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Integrative  Regional Action Planning: realms of action

Blue Oak leaves Integrative regional action planning requires coordinated activity linking several key realms of sustainable regional planning and development. Some of the realms of action that the Mantaray Team draws upon to deal with the multiple crises outlined earlier include: 

1. Improve the local/regional financial infrastructure:
  • Form a consortium of public, private, and civil sources of investment that are aligned with the dual economic and environmental aims of the initiative.
  • Create investment funds for the private sector activities that grow out of action projects. (Venture, real estate, land cleanup, and sustainable farming support.)
  • Set up a virtual or real incubator for ventures receiving investments from these funds.
(This section on finance outlines a process successfully applied by Economic Innovation International and Sustainable Systems Inc. The former has created US$100 billion in regional development funds in North America, Europe, and Asia through variations on the strategy outlined here. Sustainable Systems is an affiliate of the Mantaray Team.)

2. Base local economic development planning in the requirements for regional sustainability.
  • Understand regional natural and human resources and constraints.
  • Identify economic development opportunities strongly based in regional needs and resources.
  • Consider development opportunities in the restoration of damaged ecosystems and the recovery of value from society's discards.
  • Avoid the illusion of yesterday's "new economy" . Silicon Valley has already happened and moved to Asia. 
3. Provide standards, incentives and support for design, planning and construction of a high performance built environment:
  • Urban and regional plans with relatively high density, mixed use, and mixed income patterns.
  • In infrastructure rehabitation, seek advanced
  • Residential, commercial, industrial, public, and farm buildings designed to higher than LEED standards.
3. Conduct development master planning processes in the context of integrative regional action planning:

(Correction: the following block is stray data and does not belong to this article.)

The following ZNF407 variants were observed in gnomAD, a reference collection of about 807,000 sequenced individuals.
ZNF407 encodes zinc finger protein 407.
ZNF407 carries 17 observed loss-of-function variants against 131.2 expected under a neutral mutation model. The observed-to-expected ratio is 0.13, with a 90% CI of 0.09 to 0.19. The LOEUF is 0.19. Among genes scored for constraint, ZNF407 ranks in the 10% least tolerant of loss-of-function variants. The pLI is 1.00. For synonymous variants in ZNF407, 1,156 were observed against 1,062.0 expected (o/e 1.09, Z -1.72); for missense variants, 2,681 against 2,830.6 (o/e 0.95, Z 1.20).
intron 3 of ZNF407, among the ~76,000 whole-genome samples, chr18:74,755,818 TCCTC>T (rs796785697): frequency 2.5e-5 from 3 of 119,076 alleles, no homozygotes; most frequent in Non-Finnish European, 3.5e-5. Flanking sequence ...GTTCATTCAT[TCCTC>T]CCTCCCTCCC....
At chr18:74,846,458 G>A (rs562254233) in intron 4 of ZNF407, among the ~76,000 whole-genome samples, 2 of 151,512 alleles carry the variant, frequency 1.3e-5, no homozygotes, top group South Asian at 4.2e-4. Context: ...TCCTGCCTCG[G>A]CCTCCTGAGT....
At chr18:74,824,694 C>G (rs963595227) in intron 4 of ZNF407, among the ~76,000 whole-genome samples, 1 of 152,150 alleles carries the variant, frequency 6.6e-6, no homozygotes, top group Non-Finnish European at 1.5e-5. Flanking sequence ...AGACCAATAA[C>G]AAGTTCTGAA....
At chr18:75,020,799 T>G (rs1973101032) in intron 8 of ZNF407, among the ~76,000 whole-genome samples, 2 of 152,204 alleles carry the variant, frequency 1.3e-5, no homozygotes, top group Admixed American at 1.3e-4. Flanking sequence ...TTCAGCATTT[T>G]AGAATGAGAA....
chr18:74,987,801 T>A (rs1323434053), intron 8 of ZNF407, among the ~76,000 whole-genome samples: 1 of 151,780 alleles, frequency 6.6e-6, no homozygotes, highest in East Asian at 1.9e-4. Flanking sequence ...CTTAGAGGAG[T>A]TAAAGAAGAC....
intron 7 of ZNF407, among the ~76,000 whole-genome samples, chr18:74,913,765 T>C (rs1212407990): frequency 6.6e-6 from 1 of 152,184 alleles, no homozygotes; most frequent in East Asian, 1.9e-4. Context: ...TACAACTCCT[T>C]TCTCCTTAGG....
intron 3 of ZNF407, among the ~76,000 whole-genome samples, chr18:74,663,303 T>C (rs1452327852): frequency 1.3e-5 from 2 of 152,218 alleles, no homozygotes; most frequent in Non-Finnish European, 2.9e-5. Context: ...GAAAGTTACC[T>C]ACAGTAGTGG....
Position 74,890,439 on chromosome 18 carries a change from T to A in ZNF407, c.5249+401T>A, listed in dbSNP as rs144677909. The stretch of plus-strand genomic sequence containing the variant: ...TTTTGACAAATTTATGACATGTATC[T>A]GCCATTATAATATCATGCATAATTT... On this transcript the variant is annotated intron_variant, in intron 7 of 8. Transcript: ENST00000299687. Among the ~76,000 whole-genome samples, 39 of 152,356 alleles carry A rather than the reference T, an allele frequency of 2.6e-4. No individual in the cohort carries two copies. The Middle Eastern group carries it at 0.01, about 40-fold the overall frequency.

• Master planning for a specific property accounts for conservation of regional resources and abatement of regional environmental impacts.
  • Augment the environmental (and socio-economic) impact statement with a statement of likely positive impacts of the development regionally.
  • The development company or land owner leads creation of a public private partnership to leverage the project’s positive impacts.
4. Provide standards, incentives and support for high performance manufacturing systems and products:
  • Set goals for reducing pollution and resource consumption/unit of GDP through higher efficiency of production and improved product design.
  • Strengthen voluntary programs for pollution prevention and cleaner, more sustainable production.
  • Design for high performance products that are efficient in operation, durable, repairable, recyclable, etc.
5. Provide incentives and support for the transition to sustainable farming;
  • Evaluate the feasibility for an agro-eco-industrial park for organic processing, distribution, marketing co-ops, and support firms and public agencies.
  • Create funds for development of support firms such as integrated pest management, products and services to build soil productivity, and holistic organic consulting.
  • Link government and university and college ag research and extension programs in to support the transition.
6. Establish a framework for adapting to climate change in the region in focus
  • Set targets and create incentives and support for reducing greenhouse gas emissions in all sectors.
  • Evaluate existing scenarios that project impacts of climate change in your region on farming, water resources, industrry, towns and suburbs.
  • Identify highest risk locations, economic sectors, and ecosystems.
  • Quantify the potential costs of not preparing for climate change and the benefits of region wide preventive and response systems.
  • Develop strategies for adaptation based on most likely impacts and highest risks.
  • Involve all agencies of cities, counties, and regional governments.
7. Strengthen support for renewal of natural capital
  • Achieve coordination among soil and watershed conservation districts and  restoration initiatives.
  • Assemble funding for conservation of habitats and biodiversity, and for restoration of ecosystems from private, civic, and public sources.
  • Support enterprise development in the region, such as native plant nurseries, restoration NGOs, and ecological engineering firms.
8. Integrate and coordinate urban. rural, and wild land planning
  • See all of the action areas outlined above as a whole system, each supporting the other.
    • Geographic information systems
    • Graphic system mapping
    • Scenario planning and visioning processes
  • Evaluate existing regional land use plans in terms of sustainable ecological, economic, and social values (using conservation and renewal of natural capital as an underlying value.)
  • Study the regional metabolism or flow of resources across urban, suburban, rural, and wild areas.
  • Assess combined biomass output from urban and rural sources in the region (using GIS system) and project critical points for applying advanced technology for bio-energy and bio-products.
  • Identify priorities for regulatory enforcement and voluntary programs to address major sources of pollution and low efficiency of resource use.
  • Identify points for upgrading of infrastructure that yield high value for the investment.

This list only begins to suggest what comprehensive action will require.

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